Looking Back

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Paul Laberge, pictured with white shirt and tie and leading the horse, operated this bakery at 845 Main St. The photo is not dated but the patriotic bunting on his building and the one adjacent to it indicate that the year was 1914 and the 100th.anniversary celebration of Westbrook's Incorporation as a town. Westbrook was incorporated as a city in 1891. The building was demolished after Paul's Bakery closed and a one-story building was constructed on the site for the Westbrook Gas Co. The site was cleared during urban renewal and a parking lot adjacent Bank of America is now located there. To see more historical photos and artifacts, visit the Westbrook Historical Society at the Fred C. Wescott Building, 426 Bridge St. It is open Tuesdays and Saturdays, 9 a.m.-noon, and the first Wednesday of each month at 1:30 p.m., September-June. Inquiries can be emailed to westhistorical@myfairpoint.net. The website is www.westbrookhistoricalsociety.org. Photo and research courtesy of Mike Sanphy

May 29, 1991

A sniff of laughing gas will make pain more bearable for some future riders in Westbrook’s rescue ambulances. The volunteers of the Westbrook Rescue Unit have voted to use up to $3,000 from Rescue Unit donations to buy a Nitronox field unit for inhaling nitrous oxide for each of the two rescue wagons. The City Council gave its permission last week. “When you have to listen to them scream all the way to the hospital, you know how much this is needed,” a Rescue Unit member told the council.

In 1940, when Alton Benson moved from Kennebunkport to Gorham to take over his father-in-law’s farm, there were 54 dairy farms in town. Today, the list ends at eight: Benson and his son Ed, Jack Gordon, Ernie Lowell and grandson Craig Pike, Norm Martine, Bill Rust, Mahlon Straw, Hubbard Wilson and Carroll Young. They all are feeling the squeeze of a tight economy as the price they get paid for their milk falls and their costs continue to mount.

The Westbrook Together Days parade June 8 should have as many floats as possible, the organizers say, and they are encouraging additional entries. The floats will be judged, with cash prizes offered this year – $100 for first place, $50 each for second and third. The theme being promoted for the floats is, “Westbrook Old and New.”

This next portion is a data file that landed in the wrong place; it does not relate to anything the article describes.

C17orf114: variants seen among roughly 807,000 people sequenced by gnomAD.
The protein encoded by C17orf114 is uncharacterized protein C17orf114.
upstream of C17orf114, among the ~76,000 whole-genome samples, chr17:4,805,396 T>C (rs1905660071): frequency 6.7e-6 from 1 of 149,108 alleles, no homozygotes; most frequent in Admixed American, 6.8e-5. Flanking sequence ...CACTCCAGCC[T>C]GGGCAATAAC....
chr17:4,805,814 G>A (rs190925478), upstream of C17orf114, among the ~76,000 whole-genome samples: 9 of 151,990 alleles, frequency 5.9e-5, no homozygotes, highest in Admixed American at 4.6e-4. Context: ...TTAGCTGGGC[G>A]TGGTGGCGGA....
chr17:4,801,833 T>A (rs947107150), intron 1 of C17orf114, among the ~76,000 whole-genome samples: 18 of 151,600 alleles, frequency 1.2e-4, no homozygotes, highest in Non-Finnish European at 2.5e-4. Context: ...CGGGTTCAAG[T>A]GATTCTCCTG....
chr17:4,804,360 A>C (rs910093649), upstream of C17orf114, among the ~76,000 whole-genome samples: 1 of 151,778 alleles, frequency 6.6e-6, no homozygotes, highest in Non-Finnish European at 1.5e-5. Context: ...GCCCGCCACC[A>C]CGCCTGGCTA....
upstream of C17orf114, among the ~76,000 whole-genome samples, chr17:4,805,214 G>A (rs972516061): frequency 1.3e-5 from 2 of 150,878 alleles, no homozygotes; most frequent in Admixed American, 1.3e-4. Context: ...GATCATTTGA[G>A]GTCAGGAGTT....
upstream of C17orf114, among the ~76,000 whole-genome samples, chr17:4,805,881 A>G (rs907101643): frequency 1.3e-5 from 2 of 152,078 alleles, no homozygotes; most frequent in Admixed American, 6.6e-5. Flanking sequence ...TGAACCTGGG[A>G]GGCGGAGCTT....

Graduation exercises cannot be held at the Westbrook High School gym because the floor won’t be ready, so they’ll be held instead at Portland’s Merrill Auditorium. The gym is getting a balcony as part of the general rebuilding and expansion of the high school. The ceremony is June 16, and Westbrook will pay Portland $1,000 for the rental.

Employees in Gorham’s Public Works Department will decide this month whether they want to become affiliated with the American Federation of State, County and Municipal Employees. If the 10 employees do vote to unionize, they would join the police department, dispatchers and all members of the school department except top administrators and central office staff.

Birget Kroschel of West Berlin is living with host parents George and Nancy Pattershall and host sisters Susan and Lynn while she attends Gorham High School this year as an exchange student. School seems to be easier here than in Germany because less study time is required, she said. In Germany, the school week is about 5½ days, and 13 years of schooling are required before college. No students have jobs because school takes so much time. She said she enjoys wind surfing, skiing and running track.

May 30, 2001